Hippolytus - Role of Greek Gods


The play Hippolytus by the Greek playwright Euripides is one 
which explores classical Greek religion. Throughout the play, the
influence of the gods on the actions of the characters is evident, 
especially when Aphrodite affects the actions of Phaedra. Also central 
to the plot is the god-god interactions between Artemis and Aphrodite. 
In this essay, I hope to provide answers to how the actions of 
Hippolytus and Phaedra relate to the gods, whether or not the 
characters concern themselves with the reaction of the gods to their 
behavior, what the characters expect from the gods, how the gods treat 
the humans, and whether or not the gods gain anything from making the 
humans suffer.

 Before we can discuss the play, however, a few terms need to be 
defined. Most important would be the nature of the gods. They have 
divine powers, but what exactly makes the Greek gods unique should be 
explored. The Greek gods, since they are anthropomorphic, have many of 
the same characteristics as humans. One characteristic of the gods 
which is apparent is jealousy. Aphrodite seems to be jealous of 
Artemis because Hippolytus worships Artemis as the greatest of all 
gods, while he tends to shy away from worshipping Aphrodite (10-16). 
This is important because it sets in motion the actions of the play 
when Aphrodite decides to get revenge on Hippolytus. The divine 
relationship between the gods is a bit different, however. Over the
course of the play, Artemis does not interfere in the actions of 
Aphrodite, which shows that the gods, while divine, do have
restrictions; in this case, it shows the gods cannot interfere with 
each other. (1328-1330) The gods are sometimes evil and revengeful, 
though, as can seen by what Artemis has to say about Aphrodite: "I'll 
wait till she loves a mortal next time, and with this hand - with 
these unerring arrows I'll punish him." (1420-1422)

 The relationship of mankind and the gods also needs to be 
discussed. This relationship seems to be a sort of give-and-take
relationship, in part. The Greeks believed that if they gave to the 
gods, through prayer and sacrifices, that the gods would help them 
out. This is especially true of Hippolytus and his almost excessive 
worship of Artemis. Also, Theseus praying to his father Poseidon is 
another example of this, only Theseus actually gets what he prays for. 
(887-890) Just because mankind worshipped the gods, however did not 
mean that the gods had any sort of obligation to help out the humans. 
Artemis did nothing to protect Hippolytus from being killed. But not 
all relations between the gods and mankind were positive from the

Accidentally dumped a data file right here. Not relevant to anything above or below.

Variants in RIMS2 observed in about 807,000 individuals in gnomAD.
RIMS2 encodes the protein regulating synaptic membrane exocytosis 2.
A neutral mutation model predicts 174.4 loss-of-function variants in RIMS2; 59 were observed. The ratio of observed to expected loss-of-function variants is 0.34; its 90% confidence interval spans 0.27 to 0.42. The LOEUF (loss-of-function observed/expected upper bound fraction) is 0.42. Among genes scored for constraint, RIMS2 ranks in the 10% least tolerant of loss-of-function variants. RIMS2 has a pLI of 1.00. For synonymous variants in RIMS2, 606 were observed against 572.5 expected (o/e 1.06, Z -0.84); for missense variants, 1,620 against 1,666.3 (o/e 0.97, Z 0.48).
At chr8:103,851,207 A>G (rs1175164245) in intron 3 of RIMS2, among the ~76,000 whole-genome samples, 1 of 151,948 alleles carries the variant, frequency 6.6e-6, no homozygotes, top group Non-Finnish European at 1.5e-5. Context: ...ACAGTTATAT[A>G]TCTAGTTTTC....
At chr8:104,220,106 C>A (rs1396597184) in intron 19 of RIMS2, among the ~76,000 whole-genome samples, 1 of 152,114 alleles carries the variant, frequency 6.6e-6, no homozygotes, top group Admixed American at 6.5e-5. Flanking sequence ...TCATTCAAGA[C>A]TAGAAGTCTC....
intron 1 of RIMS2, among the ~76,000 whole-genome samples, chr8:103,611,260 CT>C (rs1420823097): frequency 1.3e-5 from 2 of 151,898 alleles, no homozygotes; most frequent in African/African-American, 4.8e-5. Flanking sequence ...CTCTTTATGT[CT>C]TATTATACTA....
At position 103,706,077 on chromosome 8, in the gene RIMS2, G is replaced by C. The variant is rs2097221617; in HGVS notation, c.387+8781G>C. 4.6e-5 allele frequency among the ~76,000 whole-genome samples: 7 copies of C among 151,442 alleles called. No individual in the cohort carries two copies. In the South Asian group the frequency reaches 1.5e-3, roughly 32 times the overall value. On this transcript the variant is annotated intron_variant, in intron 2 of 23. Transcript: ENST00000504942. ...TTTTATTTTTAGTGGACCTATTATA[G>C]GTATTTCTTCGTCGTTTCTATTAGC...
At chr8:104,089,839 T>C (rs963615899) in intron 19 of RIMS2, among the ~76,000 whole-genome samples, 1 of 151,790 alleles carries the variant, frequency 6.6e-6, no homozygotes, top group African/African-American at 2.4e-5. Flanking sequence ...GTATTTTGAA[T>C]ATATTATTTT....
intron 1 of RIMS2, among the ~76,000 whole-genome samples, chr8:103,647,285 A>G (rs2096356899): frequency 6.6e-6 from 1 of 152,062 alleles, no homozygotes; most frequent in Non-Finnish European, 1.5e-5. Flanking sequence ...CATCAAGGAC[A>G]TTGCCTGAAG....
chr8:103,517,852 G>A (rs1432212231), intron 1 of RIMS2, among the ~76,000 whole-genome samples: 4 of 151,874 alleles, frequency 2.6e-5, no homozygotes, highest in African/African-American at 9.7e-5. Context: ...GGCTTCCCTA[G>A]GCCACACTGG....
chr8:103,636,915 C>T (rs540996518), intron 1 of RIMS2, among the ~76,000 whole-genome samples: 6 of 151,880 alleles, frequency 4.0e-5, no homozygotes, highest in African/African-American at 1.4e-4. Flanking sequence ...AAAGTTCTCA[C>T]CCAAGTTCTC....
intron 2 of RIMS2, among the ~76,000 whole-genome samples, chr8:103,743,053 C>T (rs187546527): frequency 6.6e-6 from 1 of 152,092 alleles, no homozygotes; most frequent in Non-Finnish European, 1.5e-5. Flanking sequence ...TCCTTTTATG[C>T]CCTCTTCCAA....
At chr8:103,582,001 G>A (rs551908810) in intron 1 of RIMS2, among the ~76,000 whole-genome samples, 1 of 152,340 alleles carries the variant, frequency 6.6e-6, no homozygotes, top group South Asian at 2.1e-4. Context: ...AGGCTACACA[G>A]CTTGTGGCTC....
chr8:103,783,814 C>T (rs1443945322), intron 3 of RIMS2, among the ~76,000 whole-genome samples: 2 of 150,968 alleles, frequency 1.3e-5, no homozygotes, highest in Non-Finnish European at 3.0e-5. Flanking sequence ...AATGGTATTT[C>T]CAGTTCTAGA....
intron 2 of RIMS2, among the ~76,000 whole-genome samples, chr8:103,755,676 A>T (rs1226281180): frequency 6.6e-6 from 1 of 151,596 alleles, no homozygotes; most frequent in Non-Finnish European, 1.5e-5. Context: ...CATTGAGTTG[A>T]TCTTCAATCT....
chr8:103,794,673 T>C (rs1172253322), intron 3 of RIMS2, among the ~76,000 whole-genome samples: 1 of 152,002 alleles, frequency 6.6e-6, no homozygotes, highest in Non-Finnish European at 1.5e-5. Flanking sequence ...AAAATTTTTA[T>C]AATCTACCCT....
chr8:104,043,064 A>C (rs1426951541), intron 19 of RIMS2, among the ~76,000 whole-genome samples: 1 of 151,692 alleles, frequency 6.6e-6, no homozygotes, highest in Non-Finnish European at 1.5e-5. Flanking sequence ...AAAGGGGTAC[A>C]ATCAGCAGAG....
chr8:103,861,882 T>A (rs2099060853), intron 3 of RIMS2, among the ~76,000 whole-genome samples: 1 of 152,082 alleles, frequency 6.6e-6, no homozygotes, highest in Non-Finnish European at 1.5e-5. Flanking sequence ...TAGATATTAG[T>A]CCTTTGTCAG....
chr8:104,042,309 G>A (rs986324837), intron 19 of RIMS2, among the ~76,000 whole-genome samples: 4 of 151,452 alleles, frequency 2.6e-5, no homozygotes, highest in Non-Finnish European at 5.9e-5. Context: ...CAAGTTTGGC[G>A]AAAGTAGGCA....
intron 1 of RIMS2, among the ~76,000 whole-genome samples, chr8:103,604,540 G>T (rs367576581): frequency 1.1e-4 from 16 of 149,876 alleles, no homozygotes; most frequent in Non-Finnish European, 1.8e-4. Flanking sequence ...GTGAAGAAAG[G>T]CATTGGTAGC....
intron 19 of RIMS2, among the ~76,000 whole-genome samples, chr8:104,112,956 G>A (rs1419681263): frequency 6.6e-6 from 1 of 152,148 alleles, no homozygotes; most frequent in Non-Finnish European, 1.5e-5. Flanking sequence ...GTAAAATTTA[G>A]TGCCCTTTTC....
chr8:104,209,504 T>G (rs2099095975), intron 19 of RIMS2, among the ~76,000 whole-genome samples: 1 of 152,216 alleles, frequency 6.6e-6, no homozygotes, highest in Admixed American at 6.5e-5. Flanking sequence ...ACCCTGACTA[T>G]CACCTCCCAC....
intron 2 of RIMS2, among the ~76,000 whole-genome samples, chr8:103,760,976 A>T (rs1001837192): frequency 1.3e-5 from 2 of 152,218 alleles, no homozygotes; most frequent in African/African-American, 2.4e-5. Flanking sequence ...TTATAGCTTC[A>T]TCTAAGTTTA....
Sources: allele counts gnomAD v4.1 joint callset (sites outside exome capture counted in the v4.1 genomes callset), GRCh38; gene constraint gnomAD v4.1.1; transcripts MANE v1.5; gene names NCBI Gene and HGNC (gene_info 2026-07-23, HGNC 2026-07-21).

humans' standpoint. Since Aphrodite is angry with Hippolytus for not 
worshipping her, she decides to punish him by making Phaedra love him, 
then making it seem that he rapes her, when she actually hangs 
herself, whether that is through her own actions or is the doing of 

 The thoughts and actions of Hippolytus and Phaedra certainly are 
irrational at times. After all, a stepmother falling in love with her 
stepson is unlikely, but probably even less acceptable. This is 
directly related to the gods. What Aphrodite does to Phaedra certainly 
causes her to do some strange things. For instance, first Phaedra 
seems to go crazy, and then she decides to hide her new-found love for 
Hippolytus from the nurse. Later, though, she decides to tell the 
nurse, and when she finds that the nurse has told Hippolytus, decides 
that the only logical course of action is to kill herself. This action 
is certainly related to the gods because Aphrodite makes it look as if 
Phaedra's suicide is really the fault of Hippolytus. Some of 
Hippolytus' actions are related to the gods as well. When Theseus 
discovers that Phaedra is dead and decides to exile Hippolytus, 
Hippolytus does object to his banishment, but eventually he stops 
arguing with his father. At this point, he prays to the gods that he 
be killed in exile if he is guilty of the death of Phaedra. It is also 
possible he may be expecting Artemis to help him out, though she does
nothing until he is on the verge of death. The characters do worry 
about how the gods react to them at times. Hippolytus does not seem to 
concern himself much with how Aphrodite reacts to his behavior. At the 
beginning of the play, the old man questions Hippolytus' decision not 
to worship Aphrodite, but Hippolytus really does not worry that he may 
be making Aphrodite angry. He does care how Artemis reacts, however, 
because he is hoping to keep her happy so that she may help him out if 
he should need it. Theseus certainly concerns himself with how the 
gods react, since he needs Poseidon to send a bull to go kill his son. 
At the end of the play he does care what Artemis has to say about him 
killing his son. He believes that he should be the one to die, though 
Artemis is able to convince him that he was fooled by the gods. 
Phaedra, on the other hand, really is in no position to care much 
about how the gods react to what she does. This is because she is 
under the control of Aphrodite. Aphrodite makes her love Hippolytus, 
it certainly is not of her own free will.

 As far as what the characters expect from their gods, it varies